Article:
Part of me wanted to go to MusicFest, but money and trying to recover from this cold ruled that out. It was raining, and I couldn't get sick the day before recording. I was told that the main group that I wanted to see (The Roots)canceled anyway. Maybe next year.


I was at the studio around 10 AM. Keenon and other cast members were there. We chilled out and watched Saturday morning cartoons until it was our turn. I struggled in the beginning, I guess I'm just so used to acting with someone. One of the crew had me grab their shoulder for added emphasis. We rehearsed it one time with me grabbing him, and I got it. The next recording, I was able to give them what they wanted without interacting with anyone. That was cool. The experience was humbling. It let me know that "King Indie" can still learn some new things. I also received my check that day. It was promptly deposited.

Next, I went to Comics and Collectibles. It was Free Comic Book Day. Stores all around the country receive these free comics (usually previews of different companies' upcoming storylines in different books). You can get as many free books as you want by purchasing one comic. I was happy for the C&C staff from a business standpoint, but it was crazy. There were WAY too many people in the store. Shout out to my good buddy Chris Haley, his girlfriend April Steele, and my buddy Damarico "Black Supervillain" Fowler, who I ran into.

I went home, napped, then I went to the 6:30 screening of Iron Man. I really enjoyed this film. Robert Downey, Jr. is excellent as Tony Stark/Iron Man. Gwyneth Paltrow also shined as his assistant. I hadn't seen a lot of her work, and I was impressed. Paltrow was also looking kinda sexy in those corporate outfits. Terrence Howard did a good job as James "Rhodey" Rhodes, Tony's best friend. Jeff Bridges was also vicious as the main villain Obadiah Stane. I am always glad to see GOOD comic book films. If you watch it, stay until after the closing credits. Without giving away too much, let's just say that there is a scene that hints at a future Marvel film.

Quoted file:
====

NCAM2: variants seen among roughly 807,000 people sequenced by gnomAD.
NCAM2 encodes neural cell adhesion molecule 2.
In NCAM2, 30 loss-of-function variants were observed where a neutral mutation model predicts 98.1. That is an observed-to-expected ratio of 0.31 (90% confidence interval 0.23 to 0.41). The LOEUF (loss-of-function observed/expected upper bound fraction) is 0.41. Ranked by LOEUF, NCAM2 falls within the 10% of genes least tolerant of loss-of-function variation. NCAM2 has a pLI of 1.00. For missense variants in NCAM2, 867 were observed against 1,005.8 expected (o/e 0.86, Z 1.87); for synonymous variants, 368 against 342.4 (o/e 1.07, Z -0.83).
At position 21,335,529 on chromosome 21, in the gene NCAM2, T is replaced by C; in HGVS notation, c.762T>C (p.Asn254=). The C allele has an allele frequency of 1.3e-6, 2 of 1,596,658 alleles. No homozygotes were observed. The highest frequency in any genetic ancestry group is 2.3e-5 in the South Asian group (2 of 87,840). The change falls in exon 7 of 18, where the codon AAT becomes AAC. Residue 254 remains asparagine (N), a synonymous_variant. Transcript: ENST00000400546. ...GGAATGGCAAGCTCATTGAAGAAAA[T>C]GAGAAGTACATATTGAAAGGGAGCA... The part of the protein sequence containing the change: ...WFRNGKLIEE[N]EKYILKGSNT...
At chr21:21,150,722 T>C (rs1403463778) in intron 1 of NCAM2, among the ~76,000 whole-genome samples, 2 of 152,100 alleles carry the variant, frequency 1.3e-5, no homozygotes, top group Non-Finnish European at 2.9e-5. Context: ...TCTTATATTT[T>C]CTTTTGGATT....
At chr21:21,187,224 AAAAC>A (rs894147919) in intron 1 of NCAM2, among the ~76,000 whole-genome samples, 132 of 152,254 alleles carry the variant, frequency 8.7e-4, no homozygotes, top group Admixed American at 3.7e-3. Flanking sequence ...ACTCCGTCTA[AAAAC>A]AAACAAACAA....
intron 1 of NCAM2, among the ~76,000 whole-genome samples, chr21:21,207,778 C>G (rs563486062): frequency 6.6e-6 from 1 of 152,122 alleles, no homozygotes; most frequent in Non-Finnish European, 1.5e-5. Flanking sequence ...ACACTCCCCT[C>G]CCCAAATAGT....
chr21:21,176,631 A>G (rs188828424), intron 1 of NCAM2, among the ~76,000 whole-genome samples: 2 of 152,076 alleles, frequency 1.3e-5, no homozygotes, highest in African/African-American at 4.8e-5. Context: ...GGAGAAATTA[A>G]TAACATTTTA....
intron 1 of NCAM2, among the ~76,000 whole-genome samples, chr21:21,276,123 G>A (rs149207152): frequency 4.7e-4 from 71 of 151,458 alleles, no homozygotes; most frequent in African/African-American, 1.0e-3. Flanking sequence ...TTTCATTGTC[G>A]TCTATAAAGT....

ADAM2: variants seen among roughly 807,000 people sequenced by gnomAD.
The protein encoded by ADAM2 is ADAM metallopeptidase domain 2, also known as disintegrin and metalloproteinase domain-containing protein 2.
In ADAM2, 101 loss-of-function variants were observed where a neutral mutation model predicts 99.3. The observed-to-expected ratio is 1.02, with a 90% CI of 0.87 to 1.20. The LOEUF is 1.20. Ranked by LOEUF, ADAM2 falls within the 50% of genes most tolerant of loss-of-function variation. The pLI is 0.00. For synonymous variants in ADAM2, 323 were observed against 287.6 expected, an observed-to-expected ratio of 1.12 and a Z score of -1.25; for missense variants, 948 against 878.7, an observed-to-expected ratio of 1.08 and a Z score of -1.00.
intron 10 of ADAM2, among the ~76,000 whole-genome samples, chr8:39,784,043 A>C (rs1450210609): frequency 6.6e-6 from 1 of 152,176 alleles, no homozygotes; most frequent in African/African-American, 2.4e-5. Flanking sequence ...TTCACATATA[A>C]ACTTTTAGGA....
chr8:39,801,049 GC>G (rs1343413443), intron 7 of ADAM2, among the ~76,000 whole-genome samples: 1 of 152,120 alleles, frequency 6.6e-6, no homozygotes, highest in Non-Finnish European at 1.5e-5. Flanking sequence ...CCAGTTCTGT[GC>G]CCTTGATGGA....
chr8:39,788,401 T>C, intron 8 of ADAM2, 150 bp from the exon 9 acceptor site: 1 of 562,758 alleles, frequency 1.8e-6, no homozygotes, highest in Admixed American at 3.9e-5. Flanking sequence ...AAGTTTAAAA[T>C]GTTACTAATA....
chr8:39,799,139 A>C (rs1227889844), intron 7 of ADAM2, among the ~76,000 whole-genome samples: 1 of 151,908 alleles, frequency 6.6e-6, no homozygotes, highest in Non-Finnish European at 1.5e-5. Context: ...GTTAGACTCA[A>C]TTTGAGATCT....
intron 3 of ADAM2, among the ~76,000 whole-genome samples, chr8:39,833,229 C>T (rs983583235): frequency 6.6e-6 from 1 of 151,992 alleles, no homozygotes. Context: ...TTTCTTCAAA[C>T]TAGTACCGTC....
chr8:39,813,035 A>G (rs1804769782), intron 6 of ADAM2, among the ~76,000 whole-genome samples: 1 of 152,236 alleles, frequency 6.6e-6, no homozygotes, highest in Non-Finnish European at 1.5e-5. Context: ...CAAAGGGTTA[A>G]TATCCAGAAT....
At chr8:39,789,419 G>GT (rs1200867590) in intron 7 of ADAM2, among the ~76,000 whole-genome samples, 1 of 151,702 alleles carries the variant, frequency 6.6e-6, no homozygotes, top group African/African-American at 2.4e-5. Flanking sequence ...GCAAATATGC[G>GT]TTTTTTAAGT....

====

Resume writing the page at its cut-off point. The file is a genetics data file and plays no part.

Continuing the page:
I pretty much chilled at home and watched b-ball until the evening. I gave my buddy Bryan Newcomb his birthday gift, since he'll be out of town on his actual birthday. Afterwards, I went to the Karaoke Smackdown at the Vault on Highland. I gave Joe his birthday gift. I sang quite a few songs. I did a duet of Eminem's "Stan" with Kim. She rapped Eminem's verses, and I sang Dido's hook. It was awesome!!! My last song of the night was Snoop Dogg's "Sensual Seduction". Shout out to David H., Sean George, Joe Martini, and the rest of the Vault regulars.

Now that the cartoon is over, I feel a little empty. There are not a lot of productions taking place in Memphis right now. Our independent film scene is real slow right now. Many of my friends have moved or are planning to move out to California. I think I need to move somewhere. So far, the "Sellout Initiative" has resulted in two paid gigs, which is two more than I had last year. I really need to sign with an agency. I keep putting that off. Of course, inevitably, I am going to have to either move or be content with doing this mostly "for the love". I feel like that is the limit in Memphis. I have to formulate a plan. Be easy, readers.